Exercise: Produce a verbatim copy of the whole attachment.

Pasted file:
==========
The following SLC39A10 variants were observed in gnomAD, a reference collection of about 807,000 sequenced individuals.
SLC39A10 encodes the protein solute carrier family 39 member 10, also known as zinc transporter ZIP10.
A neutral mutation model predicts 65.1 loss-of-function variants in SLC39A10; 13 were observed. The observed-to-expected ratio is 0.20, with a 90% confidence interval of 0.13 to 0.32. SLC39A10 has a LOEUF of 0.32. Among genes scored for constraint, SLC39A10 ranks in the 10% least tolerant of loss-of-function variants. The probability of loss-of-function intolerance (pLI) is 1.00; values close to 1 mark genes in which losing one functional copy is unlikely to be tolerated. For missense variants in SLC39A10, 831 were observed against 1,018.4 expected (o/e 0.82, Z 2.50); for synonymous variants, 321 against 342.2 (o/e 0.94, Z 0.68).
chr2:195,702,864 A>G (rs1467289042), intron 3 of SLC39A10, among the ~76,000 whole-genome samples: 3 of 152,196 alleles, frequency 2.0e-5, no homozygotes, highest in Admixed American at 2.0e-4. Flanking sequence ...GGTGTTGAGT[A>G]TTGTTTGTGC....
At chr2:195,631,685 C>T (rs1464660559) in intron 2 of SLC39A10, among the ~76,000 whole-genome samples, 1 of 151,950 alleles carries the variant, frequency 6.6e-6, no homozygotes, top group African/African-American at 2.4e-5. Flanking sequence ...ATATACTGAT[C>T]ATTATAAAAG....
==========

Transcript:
The following SLC39A10 variants were observed in gnomAD, a reference collection of about 807,000 sequenced individuals.
SLC39A10 encodes the protein solute carrier family 39 member 10, also known as zinc transporter ZIP10.
A neutral mutation model predicts 65.1 loss-of-function variants in SLC39A10; 13 were observed. The observed-to-expected ratio is 0.20, with a 90% confidence interval of 0.13 to 0.32. SLC39A10 has a LOEUF of 0.32. Among genes scored for constraint, SLC39A10 ranks in the 10% least tolerant of loss-of-function variants. The probability of loss-of-function intolerance (pLI) is 1.00; values close to 1 mark genes in which losing one functional copy is unlikely to be tolerated. For missense variants in SLC39A10, 831 were observed against 1,018.4 expected (o/e 0.82, Z 2.50); for synonymous variants, 321 against 342.2 (o/e 0.94, Z 0.68).
chr2:195,702,864 A>G (rs1467289042), intron 3 of SLC39A10, among the ~76,000 whole-genome samples: 3 of 152,196 alleles, frequency 2.0e-5, no homozygotes, highest in Admixed American at 2.0e-4. Flanking sequence ...GGTGTTGAGT[A>G]TTGTTTGTGC....
At chr2:195,631,685 C>T (rs1464660559) in intron 2 of SLC39A10, among the ~76,000 whole-genome samples, 1 of 151,950 alleles carries the variant, frequency 6.6e-6, no homozygotes, top group African/African-American at 2.4e-5. Flanking sequence ...ATATACTGAT[C>T]ATTATAAAAG....